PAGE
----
Rod Reuven Dovid Bryant and Jerry Gordon bring back Dexter Van Zile, Christian Media Analyst of the Committee for Accuracy in Middle East Reporting and Analysis (CAMERA), to address why anti- Zionism is the only unifying factor for the World Council of Churches (WCC).
The umbrella world body was founded in 1948 with the mission of unifying Christian witness. However, with conflicting theologies, the only thing that it shares is political defamation of the Jewish state of Israel, thus providing cover for the Palestinian Authority opposing efforts at normalization.
Instead, the WCC supports the blood libel actions of clerics like Archbishop Attallah Hanna, the Head of the Sebastia Diocese of the Greek Orthodox Church in Jerusalem who was condemned by the Israeli Foreign Ministry and the International Committee for Interreligious Consultations. Then there is South African theologian Jerry Pillay, who is running for election as the WCC leader and who accuses Israel of being an apartheid state.
General Secretary Fykse Tveit of the WCC has joined forces with anti-Israel Churches for Middle East Peace condemning the Trump “Peace through Prosperity Plan”. The WCC views the peace plan as the equivalent of an act of war against the Palestinians. Thus, it provides cover to corrupt Palestinian Authority (PA) chairman Mahmoud Abbas to avoid engaging in bilateral negotiations and persist in holding out to occupy the space between the “river and the sea” by espousing incitement to hatred and funding terrorism. According to Van Zile, the PA relies on the WCC to promote hostility and agitation towards Israel. The Palestinians believe the WCC has access to the international media to further their agenda of incitement to hate and terrorism.
The WCC also operates in a dhimmi-like pose to Islamic supremacism in the Middle East because of threats to dwindling Christian minorities in Egypt, Syria, Iraq, Lebanon and Jordan. The WCC is fearful of sectarian riots and pogroms against minority Christians. This comes as normalization of relations with Israel is being promoted by the Gulf Arab States, and by both Palestinian and Israeli Arabs who increasingly identify with the benefits of living under Israeli law and commerce.
Van Zile contrasts the WCC anti-Israel agenda with the pro-Zionism of evangelical groups like the 8 million strong members of Christians United for Israel. He attributes that to the founding fathers of the US who were Old Testament Scripture Protestants who recognized the contributions of the Jewish People for self-government and as America as a “chosen nation”. The vast majority of American evangelicals support and love the Jewish people and the Jewish nation of Israel. Van Zile believes that Evangelical pastors do not follow the lead of the WCC and the UN.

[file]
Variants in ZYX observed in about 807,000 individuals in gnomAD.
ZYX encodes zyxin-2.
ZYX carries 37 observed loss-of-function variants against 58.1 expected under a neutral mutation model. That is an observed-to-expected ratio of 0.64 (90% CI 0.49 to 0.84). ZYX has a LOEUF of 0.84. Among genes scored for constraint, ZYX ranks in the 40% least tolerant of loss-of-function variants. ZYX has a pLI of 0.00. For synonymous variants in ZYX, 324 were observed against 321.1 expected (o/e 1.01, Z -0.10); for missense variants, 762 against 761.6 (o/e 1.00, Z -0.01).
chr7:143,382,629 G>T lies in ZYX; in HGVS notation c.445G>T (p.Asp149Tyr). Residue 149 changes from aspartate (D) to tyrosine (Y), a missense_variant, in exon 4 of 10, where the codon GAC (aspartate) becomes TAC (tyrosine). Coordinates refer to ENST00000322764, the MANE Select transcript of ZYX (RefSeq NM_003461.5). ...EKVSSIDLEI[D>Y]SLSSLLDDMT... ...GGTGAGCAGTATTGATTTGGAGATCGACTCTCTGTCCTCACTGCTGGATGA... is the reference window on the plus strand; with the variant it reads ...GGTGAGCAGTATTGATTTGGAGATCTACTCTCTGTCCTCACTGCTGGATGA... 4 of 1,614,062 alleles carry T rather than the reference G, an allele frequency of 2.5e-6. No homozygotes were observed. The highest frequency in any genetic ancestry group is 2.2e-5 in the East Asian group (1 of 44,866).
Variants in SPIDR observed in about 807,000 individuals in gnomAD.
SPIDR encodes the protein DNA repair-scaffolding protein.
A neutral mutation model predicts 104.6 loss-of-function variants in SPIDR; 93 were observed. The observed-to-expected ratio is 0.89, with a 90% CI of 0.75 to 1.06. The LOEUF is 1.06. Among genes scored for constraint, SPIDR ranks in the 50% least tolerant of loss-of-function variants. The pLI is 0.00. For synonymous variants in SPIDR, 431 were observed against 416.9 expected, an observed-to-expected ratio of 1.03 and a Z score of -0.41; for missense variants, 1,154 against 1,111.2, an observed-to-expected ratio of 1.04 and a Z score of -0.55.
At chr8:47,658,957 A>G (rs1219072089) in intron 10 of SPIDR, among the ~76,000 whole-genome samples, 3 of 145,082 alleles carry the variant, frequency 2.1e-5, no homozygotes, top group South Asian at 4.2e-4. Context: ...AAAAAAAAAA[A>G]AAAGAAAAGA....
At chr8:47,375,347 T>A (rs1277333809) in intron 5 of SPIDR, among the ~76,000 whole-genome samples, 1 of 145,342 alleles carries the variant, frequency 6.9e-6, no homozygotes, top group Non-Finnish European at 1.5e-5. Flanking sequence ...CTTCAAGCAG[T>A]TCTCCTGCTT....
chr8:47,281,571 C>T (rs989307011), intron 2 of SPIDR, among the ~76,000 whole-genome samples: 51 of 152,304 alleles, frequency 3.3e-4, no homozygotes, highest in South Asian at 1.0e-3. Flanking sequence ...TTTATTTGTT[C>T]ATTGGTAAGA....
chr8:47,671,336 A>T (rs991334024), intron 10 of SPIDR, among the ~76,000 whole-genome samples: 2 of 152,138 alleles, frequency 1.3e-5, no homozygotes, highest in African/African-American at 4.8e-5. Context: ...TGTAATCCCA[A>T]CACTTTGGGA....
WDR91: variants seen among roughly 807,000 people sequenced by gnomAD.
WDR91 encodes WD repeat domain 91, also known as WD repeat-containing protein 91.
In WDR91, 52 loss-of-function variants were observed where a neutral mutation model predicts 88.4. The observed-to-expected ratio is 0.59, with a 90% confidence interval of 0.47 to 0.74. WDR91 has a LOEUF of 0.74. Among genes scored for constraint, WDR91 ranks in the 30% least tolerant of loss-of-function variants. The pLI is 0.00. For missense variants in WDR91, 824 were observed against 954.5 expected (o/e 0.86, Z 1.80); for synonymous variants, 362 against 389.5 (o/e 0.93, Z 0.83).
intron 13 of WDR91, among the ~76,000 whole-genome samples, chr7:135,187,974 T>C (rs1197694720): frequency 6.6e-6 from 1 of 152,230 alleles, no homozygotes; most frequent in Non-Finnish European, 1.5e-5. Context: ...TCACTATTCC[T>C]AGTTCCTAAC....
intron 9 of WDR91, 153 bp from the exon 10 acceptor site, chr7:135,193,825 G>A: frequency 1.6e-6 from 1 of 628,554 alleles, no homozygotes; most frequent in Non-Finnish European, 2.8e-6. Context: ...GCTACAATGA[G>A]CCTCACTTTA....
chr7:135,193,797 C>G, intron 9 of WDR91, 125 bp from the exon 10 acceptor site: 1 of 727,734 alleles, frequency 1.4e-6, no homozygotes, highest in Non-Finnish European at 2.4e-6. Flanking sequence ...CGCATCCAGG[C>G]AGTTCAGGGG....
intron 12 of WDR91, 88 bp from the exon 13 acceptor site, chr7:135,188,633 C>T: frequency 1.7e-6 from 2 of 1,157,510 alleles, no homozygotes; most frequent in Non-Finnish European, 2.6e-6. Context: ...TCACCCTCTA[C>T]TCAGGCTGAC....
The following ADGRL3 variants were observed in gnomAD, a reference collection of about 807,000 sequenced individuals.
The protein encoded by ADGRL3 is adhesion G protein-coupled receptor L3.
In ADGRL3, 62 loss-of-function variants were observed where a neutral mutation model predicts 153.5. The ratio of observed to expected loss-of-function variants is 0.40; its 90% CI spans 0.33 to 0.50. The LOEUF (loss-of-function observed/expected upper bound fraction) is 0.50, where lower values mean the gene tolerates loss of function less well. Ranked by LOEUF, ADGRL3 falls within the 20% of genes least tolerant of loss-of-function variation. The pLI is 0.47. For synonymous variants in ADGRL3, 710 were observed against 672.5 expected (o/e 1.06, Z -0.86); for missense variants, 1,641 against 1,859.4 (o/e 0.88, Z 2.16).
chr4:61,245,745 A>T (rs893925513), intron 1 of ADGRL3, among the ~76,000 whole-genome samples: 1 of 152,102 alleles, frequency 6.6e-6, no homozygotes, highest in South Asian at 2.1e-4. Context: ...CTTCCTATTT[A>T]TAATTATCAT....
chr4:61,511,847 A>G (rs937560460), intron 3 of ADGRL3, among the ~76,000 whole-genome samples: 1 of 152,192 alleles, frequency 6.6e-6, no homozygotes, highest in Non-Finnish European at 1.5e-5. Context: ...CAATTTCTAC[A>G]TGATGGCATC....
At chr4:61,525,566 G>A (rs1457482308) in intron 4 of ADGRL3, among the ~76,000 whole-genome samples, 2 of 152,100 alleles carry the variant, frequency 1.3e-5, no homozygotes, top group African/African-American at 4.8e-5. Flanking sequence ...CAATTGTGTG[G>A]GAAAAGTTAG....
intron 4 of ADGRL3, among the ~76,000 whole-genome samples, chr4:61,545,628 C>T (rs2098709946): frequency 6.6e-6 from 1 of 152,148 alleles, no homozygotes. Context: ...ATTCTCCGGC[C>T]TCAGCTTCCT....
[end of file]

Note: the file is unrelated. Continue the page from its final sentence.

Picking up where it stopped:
When the subject of the peculiar role of the Russian Orthodox Church in the WCC was brought up, Van Zile noted that during the Cold War era that it was infiltrated by the KGB and deployed Christians in international groups. The Russian Orthodox Church does whatever the current Putin regime says is policy. That includes oppressing minority Christian churches that oppose the Orthodox hierarchy.
The discussion turned to Van Zile’s human rights-based arguments against granting the Palestinians a state rooted in the Universal Declaration of Human Rights, passed in 1948 and modeled on that adopted by the US. Van Zile argues that by refusing to acknowledge Jewish rights to self-determination, Palestinians are undermining their own moral claim to the right of determination. He points to the so-called Cairo Declaration of Human Rights, developed by the Organization of Islamic Cooperation in the 1990s, which granted such rights, just as long as they confirmed to Islamic Sharia law, an act of Islamic supremacism, thus violating the UN Universal Declaration of Human Rights.